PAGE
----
Meter taxi drivers say they are willing to lay down their lives to prevent Uber drivers from invading "their territory".
"There is nothing we can do but to protect our territory, whether by blood or iron. We will have to die because we are already dead," said meter taxi owner Oupa Skhosane.
Skhosane and a group of disgruntled meter taxi owners met with national and provincial transport ministries in Sandton on Monday morning to discuss the ongoing clashes between Uber and Taxify drivers.
Read: 'You burn our cars, we burn yours' - drivers in Joburg's Uber-taxi war
The meeting with the Minister of Transport Joe Maswanganyi and Gauteng MEC for Community Safety Sizakele Nkosi comes after three cars were torched in the latest clashes between Uber and meter taxi drivers.
Skhosane said the violence against meter taxis is never reported, saying a car was burnt in front of police on Friday evening, but nothing was done.
"There is an extra of 7 000 Uber cars in Johannesburg. It is over flooding the area and that is the main cause of the violence. We can't allow people from America to come and take over here," he said.
'It is not fair'
Skhosane told Maswanganyi that the deployment of more law enforcement in the area was wasted and could have been used to protect the rest of the country.
A Tuk-Tuk driver Fanie Makoto claimed he was assaulted by 15 taxi drivers for operating in the area.
Makoto pointed to his bruised eye and said: "Look what they did to me. Just look, it is not fair man."
He moved from the Democratic Republic of Congo a few years ago to find work in South Africa.
Makoto claimed that they knew the identity of the taxi drivers who are assaulting them, but police refused to listen to them.
"They hit my friend with a hammer over his fingers. We opened a case at the police station, but no one came to us or told us how far the case is," he said.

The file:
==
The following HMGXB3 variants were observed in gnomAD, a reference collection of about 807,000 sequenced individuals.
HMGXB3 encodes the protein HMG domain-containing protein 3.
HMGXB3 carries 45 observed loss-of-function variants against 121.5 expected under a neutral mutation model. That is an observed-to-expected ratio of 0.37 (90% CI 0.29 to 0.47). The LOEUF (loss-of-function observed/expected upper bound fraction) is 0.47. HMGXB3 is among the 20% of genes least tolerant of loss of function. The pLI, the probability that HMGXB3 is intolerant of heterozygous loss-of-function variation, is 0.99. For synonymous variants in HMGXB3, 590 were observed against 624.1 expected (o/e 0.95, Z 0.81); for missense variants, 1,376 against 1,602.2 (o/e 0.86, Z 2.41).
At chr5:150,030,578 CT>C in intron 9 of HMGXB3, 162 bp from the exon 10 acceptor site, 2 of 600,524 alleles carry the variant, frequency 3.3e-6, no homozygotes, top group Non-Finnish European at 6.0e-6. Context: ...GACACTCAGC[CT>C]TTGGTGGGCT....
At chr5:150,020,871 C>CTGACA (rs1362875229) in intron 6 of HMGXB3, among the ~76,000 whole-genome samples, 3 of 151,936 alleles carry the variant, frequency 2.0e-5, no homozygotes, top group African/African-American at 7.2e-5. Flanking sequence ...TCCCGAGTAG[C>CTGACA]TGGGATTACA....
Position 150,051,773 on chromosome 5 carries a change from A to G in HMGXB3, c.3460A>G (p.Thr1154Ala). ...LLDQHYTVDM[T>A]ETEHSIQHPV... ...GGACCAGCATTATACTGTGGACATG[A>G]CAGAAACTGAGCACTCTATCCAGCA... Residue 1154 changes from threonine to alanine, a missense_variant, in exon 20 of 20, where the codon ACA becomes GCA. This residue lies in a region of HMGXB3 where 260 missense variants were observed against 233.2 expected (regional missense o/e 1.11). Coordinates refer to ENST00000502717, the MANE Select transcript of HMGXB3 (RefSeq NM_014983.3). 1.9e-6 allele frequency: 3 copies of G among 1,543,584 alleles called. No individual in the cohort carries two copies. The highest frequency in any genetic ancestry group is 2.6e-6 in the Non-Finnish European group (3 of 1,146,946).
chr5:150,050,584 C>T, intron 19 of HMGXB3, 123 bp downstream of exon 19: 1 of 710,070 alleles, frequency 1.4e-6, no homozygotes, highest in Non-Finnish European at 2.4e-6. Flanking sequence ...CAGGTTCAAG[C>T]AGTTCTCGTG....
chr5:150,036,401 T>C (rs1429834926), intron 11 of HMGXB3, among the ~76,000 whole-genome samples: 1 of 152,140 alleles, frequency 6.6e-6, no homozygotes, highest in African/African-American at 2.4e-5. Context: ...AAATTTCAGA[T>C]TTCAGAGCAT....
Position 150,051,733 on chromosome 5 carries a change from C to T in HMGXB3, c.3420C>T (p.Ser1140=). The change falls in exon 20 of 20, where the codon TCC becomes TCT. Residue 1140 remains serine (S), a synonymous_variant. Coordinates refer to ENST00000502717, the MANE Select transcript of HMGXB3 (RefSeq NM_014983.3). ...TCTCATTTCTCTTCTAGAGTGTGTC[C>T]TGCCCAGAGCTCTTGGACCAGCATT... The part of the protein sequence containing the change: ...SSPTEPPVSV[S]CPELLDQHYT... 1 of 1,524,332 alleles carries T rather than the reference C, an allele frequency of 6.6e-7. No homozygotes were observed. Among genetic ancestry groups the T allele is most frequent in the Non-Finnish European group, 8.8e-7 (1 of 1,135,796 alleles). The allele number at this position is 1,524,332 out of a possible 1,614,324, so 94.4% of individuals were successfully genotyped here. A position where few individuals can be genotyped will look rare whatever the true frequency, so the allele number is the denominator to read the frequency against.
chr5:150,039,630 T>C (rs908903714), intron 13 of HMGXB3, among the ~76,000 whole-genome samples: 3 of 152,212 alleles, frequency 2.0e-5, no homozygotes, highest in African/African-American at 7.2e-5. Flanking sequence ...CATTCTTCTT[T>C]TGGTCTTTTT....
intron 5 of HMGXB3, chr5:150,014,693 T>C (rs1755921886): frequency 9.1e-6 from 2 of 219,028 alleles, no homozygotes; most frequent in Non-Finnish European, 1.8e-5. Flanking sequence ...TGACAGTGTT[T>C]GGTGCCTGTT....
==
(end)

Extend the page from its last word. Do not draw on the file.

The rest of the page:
Speaking outside the Sandton Gautrain station, Maswanganyi said all public transport operators must have permits and licences to operate.
The minister said he informed Uber, Taxify and Zebra during their meeting on July 27 that their partners must apply for permits.
"Uber and Taxify are not transport operators. What they operate is the act; it is their partners who are operators. We urge them that their operators should apply for licences through the provincial regulatory entity," he said.
He said no one would be allowed to operate public transport without a permit.
"Nobody will be allowed to park anywhere where it is not a designated space for operators. We can't just close our eyes and don't do anything. It will create a bad image for our country."
MEC Nkosi-Malobane warned that vehicles without a permit would be impounded.
"If you don't have the necessary documentation, particular operator's licence, roadworthy certificate and the professional driving permit, we will act against that particular individual and impound that vehicle."
Nkosi-Malobane said if the violence in the area continued, they would close the routes and anyone who operates in the area will have their car impounded and given a fine of R25 000 per car.